Want personalized picks that fit your family?

Set preferences to see our top age-appropriate picks for your kids.

Get age-based picks

Parent reviews for The Elf on the Shelf

Common Sense says

Hit holiday book fun for kids but requires parent action.
Based on our expert review

Parents say

age 5+
Based on 3 reviews

Kids say

age 7+
Based on 2 reviews
Parent of a 3 and 6 year old Written byKristie6 June 3, 2012

Fun!

We have been doing this since my oldest was almost 3. I take it out every year after Thanksgiving, we read the book and our elf "Riddle" finds a place to hide every night. The kids love it and it does give me that added "Riddle will tell Santa you're not behaving" bonus.

This title contains:

Positive Messages
Adult Written bymy document December 8, 2011

child

it is very nice for child
Adult Written byDragonSilver December 7, 2018

Something to think about...

This is purely a matter of import to me and my family, but it's something to think about as parents to decide what message you are sending. With our children, we have decided NOT to teach our children that Santa is a vindictive person who sends a spy to decide whether or not you get a present as a reward. Instead, we say that we think Santa gives presents for the same reason that anyone else does-- out of love. Santa loves children in particular. As our children get older and stop believing one by one, we plan to admit that parents are Santa but coach them in becoming Santas themselves by finding a way to share a giving love with someone. Elf on the Shelf could be altered to fit in with this idea, but at its essence, it's not compatible. Most parents that I know that use an Elf on the Shelf also use it for behavior control. This might be effective in the short-term but the "be good for a Christmas gift reward from Santa" does NOT work well in the long-term. Instead, there are sound reasons to consider using different parenting practices for behavior. Sidenote: I have told our children that when adults say things like "Have you been naughty or nice?" or "Santa's watching," that they are joking to see if they know the truth. I've instructed them to respond "Santa gives presents because he loves children!" They are also instructed not to argue with other kids who think their elf is real. My kid won't be ruining someone else's belief in Santa, don't worry-- but by the same token, I'm not going to let someone else's stupid Elf on the Shelf ruin MY kid's belief in a NICER Santa! :) P.S. I marked "too much consumerism" because this is a completely unnecessary item, and also because it encourages a reward mentality about Santa. I.e. If I'm good ENOUGH, I can get a really BIG gift. That sort of thinking is built-in. But if you know Santa gives gifts out of love, that automatically changes the expectations and manners a bit about receiving a gift.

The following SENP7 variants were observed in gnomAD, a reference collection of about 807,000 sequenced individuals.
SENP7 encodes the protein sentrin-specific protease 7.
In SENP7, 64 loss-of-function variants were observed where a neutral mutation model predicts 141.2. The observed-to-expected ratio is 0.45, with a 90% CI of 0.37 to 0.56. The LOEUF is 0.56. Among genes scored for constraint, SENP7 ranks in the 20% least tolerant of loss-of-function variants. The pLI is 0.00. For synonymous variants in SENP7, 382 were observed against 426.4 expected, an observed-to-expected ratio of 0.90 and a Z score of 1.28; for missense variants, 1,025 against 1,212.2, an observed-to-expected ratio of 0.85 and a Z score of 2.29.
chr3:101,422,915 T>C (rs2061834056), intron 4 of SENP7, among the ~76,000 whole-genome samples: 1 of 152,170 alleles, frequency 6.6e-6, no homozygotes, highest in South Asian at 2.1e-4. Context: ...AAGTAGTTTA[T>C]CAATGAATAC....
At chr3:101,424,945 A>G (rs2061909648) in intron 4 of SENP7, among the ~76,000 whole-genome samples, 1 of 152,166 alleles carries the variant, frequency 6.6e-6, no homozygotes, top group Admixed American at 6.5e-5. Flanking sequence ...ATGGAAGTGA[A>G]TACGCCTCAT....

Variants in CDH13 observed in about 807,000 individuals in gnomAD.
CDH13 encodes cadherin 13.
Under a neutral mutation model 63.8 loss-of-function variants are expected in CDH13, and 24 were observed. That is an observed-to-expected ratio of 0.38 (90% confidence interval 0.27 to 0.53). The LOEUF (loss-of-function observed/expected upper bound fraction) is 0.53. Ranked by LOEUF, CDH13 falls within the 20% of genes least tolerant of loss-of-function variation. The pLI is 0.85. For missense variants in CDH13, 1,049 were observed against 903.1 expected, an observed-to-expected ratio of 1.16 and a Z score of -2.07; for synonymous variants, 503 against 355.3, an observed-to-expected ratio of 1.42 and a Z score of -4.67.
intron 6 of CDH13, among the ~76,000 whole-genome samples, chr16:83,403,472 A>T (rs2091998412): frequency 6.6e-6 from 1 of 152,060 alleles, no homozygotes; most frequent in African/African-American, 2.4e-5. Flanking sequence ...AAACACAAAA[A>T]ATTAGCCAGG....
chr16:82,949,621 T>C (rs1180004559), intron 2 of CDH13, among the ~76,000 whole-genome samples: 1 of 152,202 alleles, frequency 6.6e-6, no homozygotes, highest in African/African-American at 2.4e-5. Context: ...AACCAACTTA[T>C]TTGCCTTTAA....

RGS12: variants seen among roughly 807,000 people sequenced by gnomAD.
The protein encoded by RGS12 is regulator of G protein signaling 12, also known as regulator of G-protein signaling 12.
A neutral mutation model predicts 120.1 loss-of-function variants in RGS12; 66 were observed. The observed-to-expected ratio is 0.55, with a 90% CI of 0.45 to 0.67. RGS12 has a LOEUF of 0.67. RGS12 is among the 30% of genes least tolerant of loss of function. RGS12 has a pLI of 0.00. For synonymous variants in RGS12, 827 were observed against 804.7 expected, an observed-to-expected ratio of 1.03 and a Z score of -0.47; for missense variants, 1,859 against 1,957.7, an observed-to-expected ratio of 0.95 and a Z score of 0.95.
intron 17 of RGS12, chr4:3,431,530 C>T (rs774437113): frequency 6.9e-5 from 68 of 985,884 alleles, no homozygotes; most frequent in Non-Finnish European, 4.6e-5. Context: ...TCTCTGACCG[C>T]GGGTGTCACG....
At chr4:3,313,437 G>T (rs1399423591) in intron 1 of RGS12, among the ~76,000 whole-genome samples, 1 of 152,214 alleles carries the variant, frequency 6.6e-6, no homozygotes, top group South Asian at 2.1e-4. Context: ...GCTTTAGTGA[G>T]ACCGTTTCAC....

This title contains:

Consumerism